While driving back from Georgia this week, I listened to one man’s story of Good News, in one of the podcasts to which, I subscribe.4
A young man named Dan was driving down a busy interstate in a friend’s Jeep, when suddenly his tire blew out. He found himself on the side of the road for several hours without a tire jack. No one would stop to help him. Finally an old van pulled in front of Dan and a man came back to offer assistance, but could speak no English. He called his daughter out of the van to help translate. The two men worked together and finally got the tire changed. They both were sweaty, covered in grime, and exhausted. The man’s wife came out of the van with a jug of water and offered it to them to wash their hands and face. Wanting to thank the family and send them a gift for their help, Dan asked the young girl where they lived. Her reply was, “we live in Mexico, we are traveling to several farms for the harvesting season, and we hope to make enough money to return home and help our family.” Dan thought, “here, in my need, this family whose survival is based on the fact that ‘time is money,’ stopped and took two hours of their time to help a stranger. Dan tried to offer a $20 bill to the man and he refused, but he finally offered it to the man’s wife and she reluctantly took it. As Dan returned to his Jeep, the young girl yelled out, “have you had a chance to eat lunch?” Dan replied, “No.” The young girl offered him a tamale wrapped in aluminum foil and as he opened it, inside was the $20 bill he had given them. Dan pleaded with the man to take the money. “Por favor, por favor,” he said to the man, but he shook his head no. Then the man with a very stern, but gentle gaze looked into Dan’s eyes and said in broken English, “Today you, tomorrow me.”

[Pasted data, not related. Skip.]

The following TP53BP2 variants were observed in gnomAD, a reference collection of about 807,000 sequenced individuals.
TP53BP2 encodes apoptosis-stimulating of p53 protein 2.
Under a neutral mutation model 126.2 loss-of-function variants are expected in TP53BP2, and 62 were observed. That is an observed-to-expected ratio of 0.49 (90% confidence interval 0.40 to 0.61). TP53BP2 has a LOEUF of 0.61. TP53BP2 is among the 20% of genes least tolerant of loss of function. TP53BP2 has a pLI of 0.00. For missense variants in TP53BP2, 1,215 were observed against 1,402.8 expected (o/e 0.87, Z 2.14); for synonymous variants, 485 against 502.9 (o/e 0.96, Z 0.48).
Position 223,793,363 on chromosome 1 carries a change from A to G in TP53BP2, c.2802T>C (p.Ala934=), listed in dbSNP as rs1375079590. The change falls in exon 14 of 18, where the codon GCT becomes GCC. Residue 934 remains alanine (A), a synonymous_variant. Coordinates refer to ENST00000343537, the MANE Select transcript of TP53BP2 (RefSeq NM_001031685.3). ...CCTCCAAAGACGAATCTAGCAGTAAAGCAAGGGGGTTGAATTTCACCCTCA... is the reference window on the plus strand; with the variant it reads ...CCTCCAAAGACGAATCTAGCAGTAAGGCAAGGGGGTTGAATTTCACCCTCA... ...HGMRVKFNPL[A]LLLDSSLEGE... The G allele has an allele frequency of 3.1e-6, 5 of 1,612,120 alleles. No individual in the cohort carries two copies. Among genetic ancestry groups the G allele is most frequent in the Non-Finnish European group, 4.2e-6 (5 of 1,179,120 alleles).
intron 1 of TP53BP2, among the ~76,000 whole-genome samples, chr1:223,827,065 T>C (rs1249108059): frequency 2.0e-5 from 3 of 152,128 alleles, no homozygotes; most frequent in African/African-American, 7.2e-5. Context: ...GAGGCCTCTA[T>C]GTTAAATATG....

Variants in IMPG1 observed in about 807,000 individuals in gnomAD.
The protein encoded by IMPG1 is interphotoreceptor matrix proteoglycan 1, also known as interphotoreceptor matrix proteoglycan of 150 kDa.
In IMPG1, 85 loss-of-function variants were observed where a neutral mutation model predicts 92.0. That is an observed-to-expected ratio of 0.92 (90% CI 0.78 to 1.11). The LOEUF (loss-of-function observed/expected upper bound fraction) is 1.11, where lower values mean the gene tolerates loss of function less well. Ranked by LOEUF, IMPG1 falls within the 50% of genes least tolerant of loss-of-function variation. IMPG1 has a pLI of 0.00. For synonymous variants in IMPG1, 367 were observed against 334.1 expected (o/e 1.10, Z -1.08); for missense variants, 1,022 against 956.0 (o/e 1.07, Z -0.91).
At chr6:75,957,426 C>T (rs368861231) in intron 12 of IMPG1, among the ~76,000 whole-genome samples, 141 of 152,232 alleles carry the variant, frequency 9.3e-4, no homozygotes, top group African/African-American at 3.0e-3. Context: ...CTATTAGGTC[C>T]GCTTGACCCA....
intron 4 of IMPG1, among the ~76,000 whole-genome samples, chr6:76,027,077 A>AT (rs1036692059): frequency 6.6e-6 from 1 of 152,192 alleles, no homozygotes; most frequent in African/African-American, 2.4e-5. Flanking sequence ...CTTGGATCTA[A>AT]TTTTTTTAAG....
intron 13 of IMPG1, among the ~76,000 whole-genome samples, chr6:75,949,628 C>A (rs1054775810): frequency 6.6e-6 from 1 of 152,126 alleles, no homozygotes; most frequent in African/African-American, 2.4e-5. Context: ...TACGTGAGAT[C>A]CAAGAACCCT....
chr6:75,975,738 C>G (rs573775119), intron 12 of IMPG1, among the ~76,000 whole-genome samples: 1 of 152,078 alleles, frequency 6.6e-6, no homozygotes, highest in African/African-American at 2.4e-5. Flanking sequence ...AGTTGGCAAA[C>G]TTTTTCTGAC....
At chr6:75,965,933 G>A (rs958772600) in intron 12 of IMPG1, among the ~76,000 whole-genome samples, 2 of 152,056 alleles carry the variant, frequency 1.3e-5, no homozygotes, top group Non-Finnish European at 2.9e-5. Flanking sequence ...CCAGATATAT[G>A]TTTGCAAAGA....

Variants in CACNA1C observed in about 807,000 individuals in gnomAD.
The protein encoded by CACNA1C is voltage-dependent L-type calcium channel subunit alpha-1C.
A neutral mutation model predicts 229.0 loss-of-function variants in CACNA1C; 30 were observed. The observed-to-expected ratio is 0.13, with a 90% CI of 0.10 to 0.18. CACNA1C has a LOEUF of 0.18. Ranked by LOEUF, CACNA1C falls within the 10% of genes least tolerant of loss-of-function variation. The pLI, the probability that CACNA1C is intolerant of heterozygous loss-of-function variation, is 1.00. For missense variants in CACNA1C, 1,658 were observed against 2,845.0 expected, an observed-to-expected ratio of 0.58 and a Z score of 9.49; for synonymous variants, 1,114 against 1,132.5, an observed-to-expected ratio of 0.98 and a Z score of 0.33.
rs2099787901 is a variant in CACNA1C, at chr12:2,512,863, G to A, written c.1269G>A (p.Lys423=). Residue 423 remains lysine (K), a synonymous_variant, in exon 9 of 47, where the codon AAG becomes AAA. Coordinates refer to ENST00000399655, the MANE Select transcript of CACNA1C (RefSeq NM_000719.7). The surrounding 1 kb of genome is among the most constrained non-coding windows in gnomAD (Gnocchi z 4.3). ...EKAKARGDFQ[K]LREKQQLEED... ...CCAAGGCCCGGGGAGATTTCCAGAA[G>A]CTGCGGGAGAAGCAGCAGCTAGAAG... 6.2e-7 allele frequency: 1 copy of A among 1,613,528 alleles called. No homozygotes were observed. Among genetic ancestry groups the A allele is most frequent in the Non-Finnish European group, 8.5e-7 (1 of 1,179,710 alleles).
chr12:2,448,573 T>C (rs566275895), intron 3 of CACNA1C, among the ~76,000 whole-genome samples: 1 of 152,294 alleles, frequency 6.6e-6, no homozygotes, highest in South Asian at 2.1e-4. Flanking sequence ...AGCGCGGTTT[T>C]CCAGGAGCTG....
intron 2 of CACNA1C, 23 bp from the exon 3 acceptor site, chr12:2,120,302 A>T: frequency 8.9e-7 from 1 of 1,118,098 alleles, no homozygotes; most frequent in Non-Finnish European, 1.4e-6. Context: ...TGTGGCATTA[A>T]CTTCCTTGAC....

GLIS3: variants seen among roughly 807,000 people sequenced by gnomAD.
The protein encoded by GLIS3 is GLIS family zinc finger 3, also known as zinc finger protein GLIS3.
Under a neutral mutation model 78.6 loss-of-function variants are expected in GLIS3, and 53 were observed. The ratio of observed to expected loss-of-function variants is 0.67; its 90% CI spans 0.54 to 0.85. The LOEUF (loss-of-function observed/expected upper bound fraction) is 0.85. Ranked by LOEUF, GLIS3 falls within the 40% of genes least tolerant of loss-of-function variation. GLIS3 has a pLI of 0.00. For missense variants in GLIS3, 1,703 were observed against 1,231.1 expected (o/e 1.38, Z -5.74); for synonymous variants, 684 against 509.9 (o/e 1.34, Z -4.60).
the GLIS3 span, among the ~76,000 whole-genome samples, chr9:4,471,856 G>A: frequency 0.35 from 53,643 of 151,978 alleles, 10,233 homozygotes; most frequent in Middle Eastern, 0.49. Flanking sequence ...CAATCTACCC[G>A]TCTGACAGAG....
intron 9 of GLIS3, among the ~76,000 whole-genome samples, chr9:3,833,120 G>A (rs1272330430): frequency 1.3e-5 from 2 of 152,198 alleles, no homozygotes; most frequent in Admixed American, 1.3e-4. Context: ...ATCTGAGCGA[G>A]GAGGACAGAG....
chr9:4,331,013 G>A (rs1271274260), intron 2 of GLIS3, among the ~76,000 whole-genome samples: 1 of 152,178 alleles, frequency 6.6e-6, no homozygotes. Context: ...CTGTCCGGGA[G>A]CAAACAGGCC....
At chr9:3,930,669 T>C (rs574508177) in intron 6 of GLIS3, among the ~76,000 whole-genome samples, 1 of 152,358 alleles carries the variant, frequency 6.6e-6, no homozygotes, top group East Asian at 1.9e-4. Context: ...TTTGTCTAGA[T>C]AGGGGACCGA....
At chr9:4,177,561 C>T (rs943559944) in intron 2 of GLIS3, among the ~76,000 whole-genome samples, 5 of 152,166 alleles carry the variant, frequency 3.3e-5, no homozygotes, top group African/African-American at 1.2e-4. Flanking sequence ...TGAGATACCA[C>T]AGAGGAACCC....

Dan experienced unconditional love in a small sacrificial gesture from a stranger. This powerful moment changed Dan who now, never misses the opportunity to help change a tire, offer assistance to someone in need, or show love to others through small self-giving acts. One acted first, the next responded in kind. My dear friends, God loves us. God loves us first, stirs our own hearts and we should love God with all that we are, and we should love our neighbors as ourselves.
Go out into the world beyond these doors, beyond your comfort zones, and get out there in the marketplace and BE GOOD NEWS. Meet people where they are, listen to them, and be with them as Our Lord was with us. Jesus, the Great Lover, the God of Love who on the cross with outstretched arms offered himself, was unconditional love. Jesus, whose giving of himself, reminds us that we are to love others, unconditionally, with no-strings attached, and we should be “first on the scene.” Jesus showed us how, and reminds us with the example of his life, “Today me, tomorrow, you!”
2 Bader-Saye, Scott. “To See And Not To See.” Christian Century 119.8 (2002): 17. ATLASerials, Religion Collection. Web. 16 May 2014.
3 Beasley-Murray, George Raymond. “John 13-17 : The Community Of True Life.” Review & Expositor 85.3 (1988): 473-483. ATLASerials, Religion Collection. Web. 16 May 2014.